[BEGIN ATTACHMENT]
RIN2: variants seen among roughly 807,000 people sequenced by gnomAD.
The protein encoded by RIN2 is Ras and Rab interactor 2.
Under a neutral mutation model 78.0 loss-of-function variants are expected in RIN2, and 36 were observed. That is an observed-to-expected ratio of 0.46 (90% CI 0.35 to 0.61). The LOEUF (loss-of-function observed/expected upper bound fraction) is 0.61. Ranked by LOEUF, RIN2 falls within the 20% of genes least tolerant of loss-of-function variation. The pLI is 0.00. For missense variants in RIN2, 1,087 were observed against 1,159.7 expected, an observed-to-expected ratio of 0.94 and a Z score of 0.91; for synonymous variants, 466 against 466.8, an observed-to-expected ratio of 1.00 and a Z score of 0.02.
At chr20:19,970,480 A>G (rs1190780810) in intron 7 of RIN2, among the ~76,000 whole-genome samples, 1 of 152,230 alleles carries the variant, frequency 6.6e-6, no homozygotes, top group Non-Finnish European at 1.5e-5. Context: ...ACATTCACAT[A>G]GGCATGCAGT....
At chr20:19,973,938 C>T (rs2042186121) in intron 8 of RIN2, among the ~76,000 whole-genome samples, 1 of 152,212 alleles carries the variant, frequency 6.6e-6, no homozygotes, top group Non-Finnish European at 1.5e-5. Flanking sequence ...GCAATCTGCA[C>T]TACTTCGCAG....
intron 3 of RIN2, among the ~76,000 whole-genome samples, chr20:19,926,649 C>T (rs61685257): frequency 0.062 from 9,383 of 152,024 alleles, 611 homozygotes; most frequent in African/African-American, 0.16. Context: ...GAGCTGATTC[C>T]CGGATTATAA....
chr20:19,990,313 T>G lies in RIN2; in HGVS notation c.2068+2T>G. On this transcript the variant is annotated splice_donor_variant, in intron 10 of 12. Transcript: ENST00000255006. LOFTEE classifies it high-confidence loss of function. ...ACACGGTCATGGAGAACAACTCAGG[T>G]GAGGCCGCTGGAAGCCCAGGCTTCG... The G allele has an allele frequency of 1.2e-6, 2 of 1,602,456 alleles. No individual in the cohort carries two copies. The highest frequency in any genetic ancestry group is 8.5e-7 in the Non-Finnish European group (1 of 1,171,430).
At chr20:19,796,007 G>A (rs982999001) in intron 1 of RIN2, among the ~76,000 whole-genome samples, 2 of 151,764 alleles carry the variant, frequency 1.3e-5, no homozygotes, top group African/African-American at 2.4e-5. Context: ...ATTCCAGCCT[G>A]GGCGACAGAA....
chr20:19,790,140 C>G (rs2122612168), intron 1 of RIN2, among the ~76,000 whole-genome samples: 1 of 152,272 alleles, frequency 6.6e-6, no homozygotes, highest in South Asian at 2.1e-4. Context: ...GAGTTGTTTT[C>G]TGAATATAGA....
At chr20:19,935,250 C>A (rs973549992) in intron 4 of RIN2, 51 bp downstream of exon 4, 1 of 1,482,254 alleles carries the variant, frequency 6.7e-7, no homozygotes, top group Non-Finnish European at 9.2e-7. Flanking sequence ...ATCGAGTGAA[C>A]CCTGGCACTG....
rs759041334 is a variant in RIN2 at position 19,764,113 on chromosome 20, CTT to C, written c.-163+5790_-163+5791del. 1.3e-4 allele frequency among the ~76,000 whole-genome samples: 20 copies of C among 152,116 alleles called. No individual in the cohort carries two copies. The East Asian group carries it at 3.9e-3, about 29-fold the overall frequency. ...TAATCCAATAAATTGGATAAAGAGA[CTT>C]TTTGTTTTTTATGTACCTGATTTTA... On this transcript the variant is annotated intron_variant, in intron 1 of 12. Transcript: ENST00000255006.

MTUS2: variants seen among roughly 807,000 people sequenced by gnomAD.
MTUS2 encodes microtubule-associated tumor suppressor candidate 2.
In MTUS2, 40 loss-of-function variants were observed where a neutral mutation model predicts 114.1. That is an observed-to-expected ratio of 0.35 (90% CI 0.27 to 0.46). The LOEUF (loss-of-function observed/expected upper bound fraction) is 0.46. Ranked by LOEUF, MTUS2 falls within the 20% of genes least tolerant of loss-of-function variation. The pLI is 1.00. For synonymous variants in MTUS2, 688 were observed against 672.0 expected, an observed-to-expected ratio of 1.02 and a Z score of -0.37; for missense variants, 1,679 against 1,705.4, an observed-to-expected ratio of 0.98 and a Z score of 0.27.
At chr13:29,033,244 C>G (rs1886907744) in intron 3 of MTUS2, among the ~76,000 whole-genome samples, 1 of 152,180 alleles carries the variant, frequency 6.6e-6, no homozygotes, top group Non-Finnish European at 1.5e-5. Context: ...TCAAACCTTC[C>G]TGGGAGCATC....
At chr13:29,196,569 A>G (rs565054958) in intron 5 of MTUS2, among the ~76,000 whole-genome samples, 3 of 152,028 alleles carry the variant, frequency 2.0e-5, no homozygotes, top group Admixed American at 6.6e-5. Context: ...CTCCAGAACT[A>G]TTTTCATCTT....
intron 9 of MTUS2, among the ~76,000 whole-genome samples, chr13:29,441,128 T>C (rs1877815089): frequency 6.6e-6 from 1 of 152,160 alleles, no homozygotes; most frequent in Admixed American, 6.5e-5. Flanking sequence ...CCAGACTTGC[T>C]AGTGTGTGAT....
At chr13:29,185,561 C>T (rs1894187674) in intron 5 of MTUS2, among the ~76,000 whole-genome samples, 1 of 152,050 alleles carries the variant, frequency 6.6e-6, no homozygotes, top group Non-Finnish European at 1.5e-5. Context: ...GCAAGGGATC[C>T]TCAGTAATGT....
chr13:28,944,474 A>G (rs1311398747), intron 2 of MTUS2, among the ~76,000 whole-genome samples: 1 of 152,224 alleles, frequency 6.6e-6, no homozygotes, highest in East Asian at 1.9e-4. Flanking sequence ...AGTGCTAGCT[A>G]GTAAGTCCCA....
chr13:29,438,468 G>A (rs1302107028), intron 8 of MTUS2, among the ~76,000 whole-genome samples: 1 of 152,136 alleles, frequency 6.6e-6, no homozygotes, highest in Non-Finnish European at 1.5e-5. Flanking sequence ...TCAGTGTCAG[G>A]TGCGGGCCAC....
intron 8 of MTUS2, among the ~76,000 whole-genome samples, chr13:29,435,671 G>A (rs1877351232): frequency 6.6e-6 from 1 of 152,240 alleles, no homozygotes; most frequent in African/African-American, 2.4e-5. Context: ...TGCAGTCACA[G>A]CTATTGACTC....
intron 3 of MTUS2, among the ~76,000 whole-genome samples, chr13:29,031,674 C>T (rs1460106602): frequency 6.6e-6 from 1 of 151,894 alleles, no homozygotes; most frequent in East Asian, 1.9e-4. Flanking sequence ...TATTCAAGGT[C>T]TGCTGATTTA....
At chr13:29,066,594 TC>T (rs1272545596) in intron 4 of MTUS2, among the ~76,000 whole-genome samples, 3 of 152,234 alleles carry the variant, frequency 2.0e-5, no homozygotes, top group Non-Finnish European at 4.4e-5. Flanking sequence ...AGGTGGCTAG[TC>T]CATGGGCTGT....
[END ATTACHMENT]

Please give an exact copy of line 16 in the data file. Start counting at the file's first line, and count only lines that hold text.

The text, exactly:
At chr13:29,196,569 A>G (rs565054958) in intron 5 of MTUS2, among the ~76,000 whole-genome samples, 3 of 152,028 alleles carry the variant, frequency 2.0e-5, no homozygotes, top group Admixed American at 6.6e-5. Context: ...CTCCAGAACT[A>G]TTTTCATCTT....